The experiences of a child’s first few years shape the architecture of the brain. A child’s relationships with parents, caregivers, teachers and peers are especially significant in providing a strong basis for later behavior, be it good or bad. If the child’s environment is strong, these relationships will provide a buffering effect when he or she is forced into a stressful situation. However, if he or she is surrounded by significant adversity, such as domestic violence or parental substance abuse, the child’s biological response to stress will become overactive, and he or she will be especially susceptible to mental health problems.
When a child is in a persistently traumatic environment, a form of stress that is especially destructive, called toxic stress, begins to damage the architecture of the brain. This is due to the damage caused by long periods of high stress levels when biological stress response systems are activated for extended amounts of time. These adverse experiences predict the emergence of both physical and mental health problems later in life, such as heart disease and diabetes, as well as depression and anxiety. Furthermore, toxic stress also damages the child’s cognitive, emotional, and social development, impairing his or her ability to learn and relate to others. If left untreated, this will continue to develop, leading to abnormal hormone levels that can affect school readiness and later academic achievement, as well as elevating the risk of the emergence of physical and mental problems in adult life.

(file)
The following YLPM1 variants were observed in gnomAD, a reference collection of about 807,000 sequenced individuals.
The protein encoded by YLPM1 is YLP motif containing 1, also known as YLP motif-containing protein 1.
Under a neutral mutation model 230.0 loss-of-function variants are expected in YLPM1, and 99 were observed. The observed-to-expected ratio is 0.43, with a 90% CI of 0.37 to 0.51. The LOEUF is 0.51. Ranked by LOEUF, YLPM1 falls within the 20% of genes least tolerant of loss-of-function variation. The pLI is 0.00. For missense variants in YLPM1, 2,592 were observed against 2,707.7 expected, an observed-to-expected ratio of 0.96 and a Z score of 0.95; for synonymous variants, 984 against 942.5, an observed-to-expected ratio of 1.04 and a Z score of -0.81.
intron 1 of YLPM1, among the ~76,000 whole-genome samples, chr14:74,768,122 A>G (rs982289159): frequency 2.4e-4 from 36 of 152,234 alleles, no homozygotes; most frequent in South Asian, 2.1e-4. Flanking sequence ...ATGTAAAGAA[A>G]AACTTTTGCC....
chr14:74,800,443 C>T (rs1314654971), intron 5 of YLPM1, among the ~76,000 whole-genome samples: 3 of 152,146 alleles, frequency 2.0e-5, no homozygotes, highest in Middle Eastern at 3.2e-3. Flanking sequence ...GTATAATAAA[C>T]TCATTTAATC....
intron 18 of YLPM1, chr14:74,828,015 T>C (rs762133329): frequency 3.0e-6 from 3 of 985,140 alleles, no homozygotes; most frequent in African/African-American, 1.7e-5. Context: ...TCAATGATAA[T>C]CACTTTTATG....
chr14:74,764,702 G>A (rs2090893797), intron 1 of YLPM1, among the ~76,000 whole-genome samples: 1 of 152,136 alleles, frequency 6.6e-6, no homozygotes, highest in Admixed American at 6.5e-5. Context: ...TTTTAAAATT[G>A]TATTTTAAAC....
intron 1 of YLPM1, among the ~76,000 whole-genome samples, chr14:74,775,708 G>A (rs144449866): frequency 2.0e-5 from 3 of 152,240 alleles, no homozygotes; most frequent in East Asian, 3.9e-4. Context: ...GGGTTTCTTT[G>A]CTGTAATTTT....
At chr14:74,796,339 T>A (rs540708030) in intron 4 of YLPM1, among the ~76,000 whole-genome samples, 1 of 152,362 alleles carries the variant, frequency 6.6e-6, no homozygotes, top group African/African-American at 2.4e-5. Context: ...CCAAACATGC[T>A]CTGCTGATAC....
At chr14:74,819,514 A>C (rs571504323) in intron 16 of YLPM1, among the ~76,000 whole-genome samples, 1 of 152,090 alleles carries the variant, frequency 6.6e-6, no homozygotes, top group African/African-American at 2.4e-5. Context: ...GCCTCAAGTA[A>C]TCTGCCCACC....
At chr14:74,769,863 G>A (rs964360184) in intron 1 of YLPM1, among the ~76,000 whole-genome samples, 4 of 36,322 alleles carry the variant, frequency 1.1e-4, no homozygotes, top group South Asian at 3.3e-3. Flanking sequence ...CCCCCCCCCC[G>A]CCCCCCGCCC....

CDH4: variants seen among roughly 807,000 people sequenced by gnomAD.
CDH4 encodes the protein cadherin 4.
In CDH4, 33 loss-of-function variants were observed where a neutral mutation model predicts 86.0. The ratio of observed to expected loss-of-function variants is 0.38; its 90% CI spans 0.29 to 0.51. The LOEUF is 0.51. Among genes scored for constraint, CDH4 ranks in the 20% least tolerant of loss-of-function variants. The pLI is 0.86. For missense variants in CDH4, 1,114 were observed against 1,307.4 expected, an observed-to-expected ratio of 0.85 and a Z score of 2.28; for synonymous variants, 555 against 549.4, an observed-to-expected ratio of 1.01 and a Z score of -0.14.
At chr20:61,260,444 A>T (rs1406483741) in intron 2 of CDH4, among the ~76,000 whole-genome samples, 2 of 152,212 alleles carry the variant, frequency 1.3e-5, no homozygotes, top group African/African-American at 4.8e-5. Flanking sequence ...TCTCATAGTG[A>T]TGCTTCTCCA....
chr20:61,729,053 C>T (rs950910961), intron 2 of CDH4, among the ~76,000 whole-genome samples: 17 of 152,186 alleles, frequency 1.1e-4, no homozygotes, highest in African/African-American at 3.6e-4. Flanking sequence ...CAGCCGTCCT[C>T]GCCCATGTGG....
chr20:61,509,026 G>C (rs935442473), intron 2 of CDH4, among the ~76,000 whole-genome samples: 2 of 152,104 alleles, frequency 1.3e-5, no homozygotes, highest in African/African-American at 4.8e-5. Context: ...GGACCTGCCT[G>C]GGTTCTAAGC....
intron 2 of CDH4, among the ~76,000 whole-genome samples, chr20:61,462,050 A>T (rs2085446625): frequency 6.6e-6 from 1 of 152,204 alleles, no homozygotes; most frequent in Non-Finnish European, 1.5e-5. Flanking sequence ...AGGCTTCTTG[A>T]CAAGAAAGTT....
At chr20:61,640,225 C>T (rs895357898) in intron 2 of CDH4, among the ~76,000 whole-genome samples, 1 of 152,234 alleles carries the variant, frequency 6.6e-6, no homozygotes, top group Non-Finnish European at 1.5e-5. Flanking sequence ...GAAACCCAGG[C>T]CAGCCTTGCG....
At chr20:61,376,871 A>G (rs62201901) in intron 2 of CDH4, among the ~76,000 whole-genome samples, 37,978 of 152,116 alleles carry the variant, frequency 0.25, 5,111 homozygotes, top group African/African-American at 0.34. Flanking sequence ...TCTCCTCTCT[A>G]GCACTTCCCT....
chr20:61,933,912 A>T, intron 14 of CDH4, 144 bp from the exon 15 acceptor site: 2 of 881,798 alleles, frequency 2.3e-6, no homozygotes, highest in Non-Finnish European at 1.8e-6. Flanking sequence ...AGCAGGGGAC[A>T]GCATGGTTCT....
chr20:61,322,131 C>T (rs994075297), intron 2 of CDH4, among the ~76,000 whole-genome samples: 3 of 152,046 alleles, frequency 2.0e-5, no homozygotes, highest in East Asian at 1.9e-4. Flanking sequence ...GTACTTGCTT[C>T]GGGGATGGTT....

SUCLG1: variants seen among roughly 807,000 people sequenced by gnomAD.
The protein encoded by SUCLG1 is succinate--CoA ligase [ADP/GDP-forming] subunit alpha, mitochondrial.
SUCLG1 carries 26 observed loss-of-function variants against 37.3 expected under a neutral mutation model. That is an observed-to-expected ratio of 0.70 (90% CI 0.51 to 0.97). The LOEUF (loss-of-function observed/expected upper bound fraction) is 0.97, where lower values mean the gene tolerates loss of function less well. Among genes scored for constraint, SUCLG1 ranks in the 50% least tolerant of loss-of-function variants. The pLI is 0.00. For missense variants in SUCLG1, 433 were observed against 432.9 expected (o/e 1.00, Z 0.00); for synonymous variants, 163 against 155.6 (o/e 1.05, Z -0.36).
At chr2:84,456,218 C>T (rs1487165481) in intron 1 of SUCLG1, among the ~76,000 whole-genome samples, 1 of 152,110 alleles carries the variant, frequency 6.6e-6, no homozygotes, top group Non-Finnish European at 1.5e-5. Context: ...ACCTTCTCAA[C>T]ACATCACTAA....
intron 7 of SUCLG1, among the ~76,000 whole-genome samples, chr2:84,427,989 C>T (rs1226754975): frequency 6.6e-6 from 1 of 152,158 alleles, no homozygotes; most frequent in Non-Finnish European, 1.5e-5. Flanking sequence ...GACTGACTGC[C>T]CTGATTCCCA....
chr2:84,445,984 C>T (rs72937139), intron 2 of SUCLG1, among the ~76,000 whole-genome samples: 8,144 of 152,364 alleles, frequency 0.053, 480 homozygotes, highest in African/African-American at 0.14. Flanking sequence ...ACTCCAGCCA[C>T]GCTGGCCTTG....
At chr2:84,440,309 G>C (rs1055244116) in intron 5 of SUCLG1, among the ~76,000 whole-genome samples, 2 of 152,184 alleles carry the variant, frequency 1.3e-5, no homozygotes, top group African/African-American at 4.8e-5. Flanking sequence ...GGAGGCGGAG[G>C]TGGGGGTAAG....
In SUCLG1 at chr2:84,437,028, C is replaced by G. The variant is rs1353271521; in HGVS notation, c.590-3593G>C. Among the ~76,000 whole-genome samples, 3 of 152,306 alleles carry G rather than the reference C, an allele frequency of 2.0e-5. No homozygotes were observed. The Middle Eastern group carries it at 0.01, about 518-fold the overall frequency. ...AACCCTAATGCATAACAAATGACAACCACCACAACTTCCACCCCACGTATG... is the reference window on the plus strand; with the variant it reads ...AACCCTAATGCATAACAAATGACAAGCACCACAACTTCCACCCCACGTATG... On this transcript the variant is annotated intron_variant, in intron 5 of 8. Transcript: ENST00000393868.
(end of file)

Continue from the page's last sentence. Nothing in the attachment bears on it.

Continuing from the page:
It is incredibly important to diagnose and treat mental health problems early
Fortunately, the certain actions when taken early can mitigate the damaging consequences of early childhood toxic stress. It is incredibly important to diagnose and treat mental health problems early, as it is both easier and more cost-effective to alleviate these issues when spotted early. Symptoms of potential mental health problems do not always become disorders, and these disorders can be prevented by providing access to the right combination of appropriate, high-quality care. Though the children who are most at risk of developing mental disorders – ones that grow up in poverty or are plagued by domestic strife – are often those that have the greatest difficulty accessing the services they need, it is possible to protect the children living in such threatening environments. Indeed, it is frequently necessary to focus on the needs of a child’s caregiver when trying to meet the needs of the child. By coordinating services that focus on the entire scope of the child’s environment, we can mitigate the dangers of destructive environments to ensure the long term mental health of the child.
The implications of this information are incredibly significant. By reducing the onset of mental health problems in early childhood, not only will we be increasing the quality of life for a number of children, but we will also be targeting the roots of substance abuse and other problems that pervade society. Early childhood mental health is an immensely important issue, and preventing its manifestation could make a huge positive impact on our society.